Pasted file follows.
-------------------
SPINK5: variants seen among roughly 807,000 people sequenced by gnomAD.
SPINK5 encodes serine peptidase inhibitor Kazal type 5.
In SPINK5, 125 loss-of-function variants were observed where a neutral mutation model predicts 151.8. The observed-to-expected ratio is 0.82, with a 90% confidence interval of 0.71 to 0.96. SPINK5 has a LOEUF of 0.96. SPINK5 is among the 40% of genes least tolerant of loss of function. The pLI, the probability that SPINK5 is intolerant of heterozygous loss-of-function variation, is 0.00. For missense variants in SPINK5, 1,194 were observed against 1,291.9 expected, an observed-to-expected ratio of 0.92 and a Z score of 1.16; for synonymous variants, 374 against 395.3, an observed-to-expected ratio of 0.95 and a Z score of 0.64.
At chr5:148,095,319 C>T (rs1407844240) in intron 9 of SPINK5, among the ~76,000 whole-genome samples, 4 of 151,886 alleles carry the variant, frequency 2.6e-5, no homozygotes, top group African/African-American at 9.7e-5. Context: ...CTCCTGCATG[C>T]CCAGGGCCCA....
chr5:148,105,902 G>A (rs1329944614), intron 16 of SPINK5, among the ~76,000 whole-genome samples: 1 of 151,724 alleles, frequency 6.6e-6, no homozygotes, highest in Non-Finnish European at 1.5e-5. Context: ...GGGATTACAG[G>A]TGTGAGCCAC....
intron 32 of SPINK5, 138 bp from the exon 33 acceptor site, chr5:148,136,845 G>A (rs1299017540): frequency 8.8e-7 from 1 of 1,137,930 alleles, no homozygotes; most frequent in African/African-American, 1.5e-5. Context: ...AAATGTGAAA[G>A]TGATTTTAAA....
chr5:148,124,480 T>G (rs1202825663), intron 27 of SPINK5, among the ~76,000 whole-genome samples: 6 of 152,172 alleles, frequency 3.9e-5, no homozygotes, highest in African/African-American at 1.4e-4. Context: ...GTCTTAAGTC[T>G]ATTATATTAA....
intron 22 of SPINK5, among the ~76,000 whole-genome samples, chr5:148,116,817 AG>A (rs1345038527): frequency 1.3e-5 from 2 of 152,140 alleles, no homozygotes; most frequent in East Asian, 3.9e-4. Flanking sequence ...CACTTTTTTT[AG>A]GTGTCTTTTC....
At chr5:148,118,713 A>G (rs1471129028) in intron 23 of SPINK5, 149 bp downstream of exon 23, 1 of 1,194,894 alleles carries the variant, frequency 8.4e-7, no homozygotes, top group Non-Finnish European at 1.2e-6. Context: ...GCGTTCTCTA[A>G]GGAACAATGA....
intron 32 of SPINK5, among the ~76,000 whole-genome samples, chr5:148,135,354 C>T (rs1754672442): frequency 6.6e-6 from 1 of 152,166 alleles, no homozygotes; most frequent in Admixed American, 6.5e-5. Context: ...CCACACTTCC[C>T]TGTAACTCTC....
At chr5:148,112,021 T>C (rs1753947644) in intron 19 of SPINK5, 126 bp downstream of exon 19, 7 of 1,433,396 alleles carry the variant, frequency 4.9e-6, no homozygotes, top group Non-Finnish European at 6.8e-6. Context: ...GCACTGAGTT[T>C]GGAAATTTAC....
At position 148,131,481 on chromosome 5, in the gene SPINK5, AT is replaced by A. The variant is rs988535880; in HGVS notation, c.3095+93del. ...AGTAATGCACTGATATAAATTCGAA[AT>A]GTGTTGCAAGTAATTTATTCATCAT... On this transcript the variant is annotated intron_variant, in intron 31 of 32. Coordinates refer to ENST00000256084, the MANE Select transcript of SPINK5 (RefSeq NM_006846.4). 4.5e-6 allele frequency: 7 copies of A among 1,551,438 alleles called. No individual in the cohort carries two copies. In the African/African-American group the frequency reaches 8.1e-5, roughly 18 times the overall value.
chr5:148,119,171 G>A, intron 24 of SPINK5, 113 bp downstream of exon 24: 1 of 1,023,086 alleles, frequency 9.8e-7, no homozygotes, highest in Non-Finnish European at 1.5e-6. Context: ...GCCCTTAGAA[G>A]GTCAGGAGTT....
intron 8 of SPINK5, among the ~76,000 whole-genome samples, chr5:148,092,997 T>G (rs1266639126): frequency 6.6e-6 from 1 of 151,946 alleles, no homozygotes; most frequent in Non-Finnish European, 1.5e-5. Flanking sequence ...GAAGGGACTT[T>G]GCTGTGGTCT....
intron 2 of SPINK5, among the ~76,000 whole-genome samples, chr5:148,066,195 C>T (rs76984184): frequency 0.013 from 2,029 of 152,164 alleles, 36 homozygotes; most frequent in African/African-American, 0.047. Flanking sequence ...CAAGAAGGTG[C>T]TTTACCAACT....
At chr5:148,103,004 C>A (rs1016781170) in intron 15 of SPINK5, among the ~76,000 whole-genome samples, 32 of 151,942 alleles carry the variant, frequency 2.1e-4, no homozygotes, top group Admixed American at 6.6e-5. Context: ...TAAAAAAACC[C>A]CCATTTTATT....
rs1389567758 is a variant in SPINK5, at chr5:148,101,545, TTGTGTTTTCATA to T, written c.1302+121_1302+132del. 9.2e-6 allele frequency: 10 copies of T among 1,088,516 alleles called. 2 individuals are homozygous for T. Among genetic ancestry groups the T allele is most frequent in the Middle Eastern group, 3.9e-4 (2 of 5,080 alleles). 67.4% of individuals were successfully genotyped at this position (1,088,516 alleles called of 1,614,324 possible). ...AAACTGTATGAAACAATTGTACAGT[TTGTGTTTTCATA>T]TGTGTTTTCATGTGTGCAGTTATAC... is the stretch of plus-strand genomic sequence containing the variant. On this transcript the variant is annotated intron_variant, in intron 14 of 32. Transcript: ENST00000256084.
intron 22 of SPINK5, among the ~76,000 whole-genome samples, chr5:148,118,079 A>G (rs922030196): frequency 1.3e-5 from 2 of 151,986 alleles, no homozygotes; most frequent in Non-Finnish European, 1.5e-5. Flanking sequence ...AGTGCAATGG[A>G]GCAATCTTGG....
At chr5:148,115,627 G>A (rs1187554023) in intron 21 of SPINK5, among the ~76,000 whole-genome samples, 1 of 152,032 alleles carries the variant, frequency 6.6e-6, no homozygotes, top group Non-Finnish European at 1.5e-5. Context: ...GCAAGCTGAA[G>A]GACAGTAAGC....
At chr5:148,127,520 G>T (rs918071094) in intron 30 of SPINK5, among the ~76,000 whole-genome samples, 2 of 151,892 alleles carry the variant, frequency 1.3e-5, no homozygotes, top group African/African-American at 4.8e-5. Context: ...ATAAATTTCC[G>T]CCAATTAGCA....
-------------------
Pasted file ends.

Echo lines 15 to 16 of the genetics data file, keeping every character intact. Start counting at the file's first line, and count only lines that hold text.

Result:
intron 2 of SPINK5, among the ~76,000 whole-genome samples, chr5:148,066,195 C>T (rs76984184): frequency 0.013 from 2,029 of 152,164 alleles, 36 homozygotes; most frequent in African/African-American, 0.047. Flanking sequence ...CAAGAAGGTG[C>T]TTTACCAACT....
At chr5:148,103,004 C>A (rs1016781170) in intron 15 of SPINK5, among the ~76,000 whole-genome samples, 32 of 151,942 alleles carry the variant, frequency 2.1e-4, no homozygotes, top group Admixed American at 6.6e-5. Context: ...TAAAAAAACC[C>A]CCATTTTATT....